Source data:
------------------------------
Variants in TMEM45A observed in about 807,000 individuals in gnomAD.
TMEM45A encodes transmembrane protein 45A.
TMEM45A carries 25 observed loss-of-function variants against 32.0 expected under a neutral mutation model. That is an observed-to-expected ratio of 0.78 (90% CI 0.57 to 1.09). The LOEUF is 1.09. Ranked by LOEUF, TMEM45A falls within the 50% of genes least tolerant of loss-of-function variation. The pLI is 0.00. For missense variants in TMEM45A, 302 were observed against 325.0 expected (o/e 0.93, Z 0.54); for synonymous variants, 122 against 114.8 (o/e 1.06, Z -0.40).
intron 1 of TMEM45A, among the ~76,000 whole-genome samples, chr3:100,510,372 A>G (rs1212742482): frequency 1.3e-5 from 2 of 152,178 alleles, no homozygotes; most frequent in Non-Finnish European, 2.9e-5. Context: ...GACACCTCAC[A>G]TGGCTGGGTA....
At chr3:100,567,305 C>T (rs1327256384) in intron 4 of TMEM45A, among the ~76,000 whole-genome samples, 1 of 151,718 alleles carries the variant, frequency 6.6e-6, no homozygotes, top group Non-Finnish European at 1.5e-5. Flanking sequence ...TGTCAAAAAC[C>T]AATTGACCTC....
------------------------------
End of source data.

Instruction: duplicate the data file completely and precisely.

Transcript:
Variants in TMEM45A observed in about 807,000 individuals in gnomAD.
TMEM45A encodes transmembrane protein 45A.
TMEM45A carries 25 observed loss-of-function variants against 32.0 expected under a neutral mutation model. That is an observed-to-expected ratio of 0.78 (90% CI 0.57 to 1.09). The LOEUF is 1.09. Ranked by LOEUF, TMEM45A falls within the 50% of genes least tolerant of loss-of-function variation. The pLI is 0.00. For missense variants in TMEM45A, 302 were observed against 325.0 expected (o/e 0.93, Z 0.54); for synonymous variants, 122 against 114.8 (o/e 1.06, Z -0.40).
intron 1 of TMEM45A, among the ~76,000 whole-genome samples, chr3:100,510,372 A>G (rs1212742482): frequency 1.3e-5 from 2 of 152,178 alleles, no homozygotes; most frequent in Non-Finnish European, 2.9e-5. Context: ...GACACCTCAC[A>G]TGGCTGGGTA....
At chr3:100,567,305 C>T (rs1327256384) in intron 4 of TMEM45A, among the ~76,000 whole-genome samples, 1 of 151,718 alleles carries the variant, frequency 6.6e-6, no homozygotes, top group Non-Finnish European at 1.5e-5. Flanking sequence ...TGTCAAAAAC[C>T]AATTGACCTC....